So why raise our eyebrows on the basis of yet another online casino withholding yet more legitimate winnings from yet another player?

Let's look a bit further.

This was a progressive jackpot. Progressive jackpots are played across many different casinos of a given supplier, and when the jackpot is hit the participating casinos all contribute. So, if fifty casinos were running the game in question, each casino would contribute $83,775. Those individual casinos would not be losing out, as they would have a made a lot more than their 80K contribution over the course of the game - only a tiny proportion of each wager funds the progressive, the majority goes to the casino.

The software provider then collects all the contributions, and sends the total amount to the casino at which the jackpot was hit. The casino in question then pays the player.

So in this case, using my figures, each Playtech casino participating in the "Beach Life" progressive slot jackpot would have sent a cheque for $83,775 to Playtech.

Playtech then sent those fifty 80K contributions to the owners / managers of Joyland Casino, totalling $4,188,719.98.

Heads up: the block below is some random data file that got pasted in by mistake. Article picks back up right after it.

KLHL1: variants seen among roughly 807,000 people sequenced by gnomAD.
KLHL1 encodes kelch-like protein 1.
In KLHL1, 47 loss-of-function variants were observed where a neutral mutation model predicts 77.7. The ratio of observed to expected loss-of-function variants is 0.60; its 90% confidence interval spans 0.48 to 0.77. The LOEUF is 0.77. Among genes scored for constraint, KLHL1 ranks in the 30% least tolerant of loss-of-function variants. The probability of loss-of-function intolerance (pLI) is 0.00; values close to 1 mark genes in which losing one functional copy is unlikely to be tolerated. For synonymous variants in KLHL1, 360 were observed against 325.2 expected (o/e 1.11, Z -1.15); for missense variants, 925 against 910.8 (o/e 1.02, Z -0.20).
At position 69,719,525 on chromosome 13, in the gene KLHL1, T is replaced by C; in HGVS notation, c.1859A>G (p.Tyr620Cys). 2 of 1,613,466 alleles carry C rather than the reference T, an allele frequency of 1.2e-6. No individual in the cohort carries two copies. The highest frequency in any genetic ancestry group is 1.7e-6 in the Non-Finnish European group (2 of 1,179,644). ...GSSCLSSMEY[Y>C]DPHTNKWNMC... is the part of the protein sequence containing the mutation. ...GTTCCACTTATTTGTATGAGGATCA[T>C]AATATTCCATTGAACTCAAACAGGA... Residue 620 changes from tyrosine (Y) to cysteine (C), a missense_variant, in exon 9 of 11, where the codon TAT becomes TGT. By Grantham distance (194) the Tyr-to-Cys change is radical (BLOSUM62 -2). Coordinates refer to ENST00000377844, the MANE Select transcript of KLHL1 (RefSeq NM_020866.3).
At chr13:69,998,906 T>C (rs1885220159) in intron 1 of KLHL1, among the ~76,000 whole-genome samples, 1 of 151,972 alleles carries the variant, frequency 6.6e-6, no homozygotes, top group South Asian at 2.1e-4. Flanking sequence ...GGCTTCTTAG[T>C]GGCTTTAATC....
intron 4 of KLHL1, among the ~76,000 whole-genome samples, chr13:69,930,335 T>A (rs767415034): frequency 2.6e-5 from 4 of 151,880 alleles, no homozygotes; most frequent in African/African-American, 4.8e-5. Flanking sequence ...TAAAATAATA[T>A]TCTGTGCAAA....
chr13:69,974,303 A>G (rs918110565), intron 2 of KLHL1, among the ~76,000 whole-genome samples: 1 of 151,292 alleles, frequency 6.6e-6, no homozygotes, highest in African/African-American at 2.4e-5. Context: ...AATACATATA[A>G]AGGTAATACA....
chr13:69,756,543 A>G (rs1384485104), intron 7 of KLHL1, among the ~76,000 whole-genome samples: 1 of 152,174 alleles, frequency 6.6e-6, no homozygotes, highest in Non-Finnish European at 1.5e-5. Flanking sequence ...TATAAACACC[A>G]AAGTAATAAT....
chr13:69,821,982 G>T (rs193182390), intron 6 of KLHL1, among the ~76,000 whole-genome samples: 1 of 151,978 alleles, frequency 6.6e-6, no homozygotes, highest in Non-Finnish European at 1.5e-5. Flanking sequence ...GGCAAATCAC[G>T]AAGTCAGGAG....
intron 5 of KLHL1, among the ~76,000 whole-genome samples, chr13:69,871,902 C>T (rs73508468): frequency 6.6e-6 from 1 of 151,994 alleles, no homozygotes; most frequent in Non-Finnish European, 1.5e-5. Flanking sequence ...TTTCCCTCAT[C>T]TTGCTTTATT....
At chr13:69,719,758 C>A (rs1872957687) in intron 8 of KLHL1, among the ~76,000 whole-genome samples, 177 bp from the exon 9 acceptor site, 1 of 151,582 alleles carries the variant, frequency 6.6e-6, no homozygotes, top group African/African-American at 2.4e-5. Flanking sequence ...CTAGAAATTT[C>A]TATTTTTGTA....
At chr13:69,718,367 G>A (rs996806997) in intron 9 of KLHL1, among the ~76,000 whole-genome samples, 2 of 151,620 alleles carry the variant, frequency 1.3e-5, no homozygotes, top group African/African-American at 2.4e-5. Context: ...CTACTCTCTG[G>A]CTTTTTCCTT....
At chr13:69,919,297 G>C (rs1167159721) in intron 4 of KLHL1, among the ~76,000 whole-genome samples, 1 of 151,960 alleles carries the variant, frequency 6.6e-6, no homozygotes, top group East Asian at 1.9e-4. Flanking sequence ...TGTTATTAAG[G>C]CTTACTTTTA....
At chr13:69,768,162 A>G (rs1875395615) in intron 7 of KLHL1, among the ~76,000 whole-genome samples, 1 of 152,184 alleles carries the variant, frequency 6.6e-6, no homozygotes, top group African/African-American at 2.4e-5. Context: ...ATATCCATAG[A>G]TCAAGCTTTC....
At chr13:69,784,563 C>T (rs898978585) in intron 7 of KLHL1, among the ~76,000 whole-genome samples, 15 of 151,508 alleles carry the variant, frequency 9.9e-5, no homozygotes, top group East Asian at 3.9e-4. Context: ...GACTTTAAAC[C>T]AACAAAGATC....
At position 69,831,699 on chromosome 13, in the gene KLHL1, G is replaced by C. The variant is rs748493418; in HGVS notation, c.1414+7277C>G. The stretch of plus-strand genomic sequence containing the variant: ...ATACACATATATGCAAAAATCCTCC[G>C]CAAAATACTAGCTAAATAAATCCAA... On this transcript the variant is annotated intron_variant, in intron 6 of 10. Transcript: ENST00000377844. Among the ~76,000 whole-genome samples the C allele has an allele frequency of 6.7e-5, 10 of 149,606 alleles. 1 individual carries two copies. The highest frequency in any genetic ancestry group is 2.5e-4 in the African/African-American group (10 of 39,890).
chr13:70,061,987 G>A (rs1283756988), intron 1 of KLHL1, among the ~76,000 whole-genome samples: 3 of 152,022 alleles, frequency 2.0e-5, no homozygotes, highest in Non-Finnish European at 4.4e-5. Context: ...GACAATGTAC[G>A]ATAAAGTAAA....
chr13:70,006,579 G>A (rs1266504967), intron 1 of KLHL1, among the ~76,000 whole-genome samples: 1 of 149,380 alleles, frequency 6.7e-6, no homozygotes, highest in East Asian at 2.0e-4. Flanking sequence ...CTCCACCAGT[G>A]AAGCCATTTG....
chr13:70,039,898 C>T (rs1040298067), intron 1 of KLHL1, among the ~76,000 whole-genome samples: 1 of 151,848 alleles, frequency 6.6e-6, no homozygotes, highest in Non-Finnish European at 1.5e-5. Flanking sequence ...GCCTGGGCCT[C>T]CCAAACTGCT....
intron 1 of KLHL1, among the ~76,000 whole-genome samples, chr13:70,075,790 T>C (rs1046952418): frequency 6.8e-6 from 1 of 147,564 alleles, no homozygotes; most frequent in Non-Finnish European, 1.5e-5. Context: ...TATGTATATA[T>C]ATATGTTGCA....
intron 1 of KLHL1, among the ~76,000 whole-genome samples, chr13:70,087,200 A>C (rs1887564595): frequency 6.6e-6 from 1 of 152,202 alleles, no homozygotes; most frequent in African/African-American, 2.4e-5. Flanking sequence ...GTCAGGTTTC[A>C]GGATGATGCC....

Joyland casino would also have contributed $83,775.

But Joyland didn't send its fellow casinos' contributions to the winning player. They kept back $1,900,000.

Where is this money?

It belongs to the player. However, since the player was forced to relenquish almost half, then it belongs to the casinos who contributed to the jackpot pool. It certainly does NOT belong to the owners of Joyland Casino.

The story gets more interesting at this point.

Just two months after Silvia P's win, UK gambling behemoth William Hill acquired "certain Playtech assets" - see the Playtech transaction announcement at the Will Hill corporate site:

On 20 October 2008 we announced that we are combining William Hill Interactive, our online operations, with certain purchased assets from Playtech Ltd, one of the world's leading software companies.

"Certain assets"?

Which assets?

It was left to the Infopowa online gambling commentary service, run by Bryan "Jetset" Cullingworth, to clarify the matter after contact with William Hill, in the Webroute and Cpays part of Will Hill Playtech deal report:

It has now been revealed that those purchased assets consist principally of Webroute Services and CPays.

Cpays, now under the William Hill banner, has been renamed Affiliates United, whose brand includes Joyland Casino.

So the assets William Hill acquired from Playtech included Joyland Casino.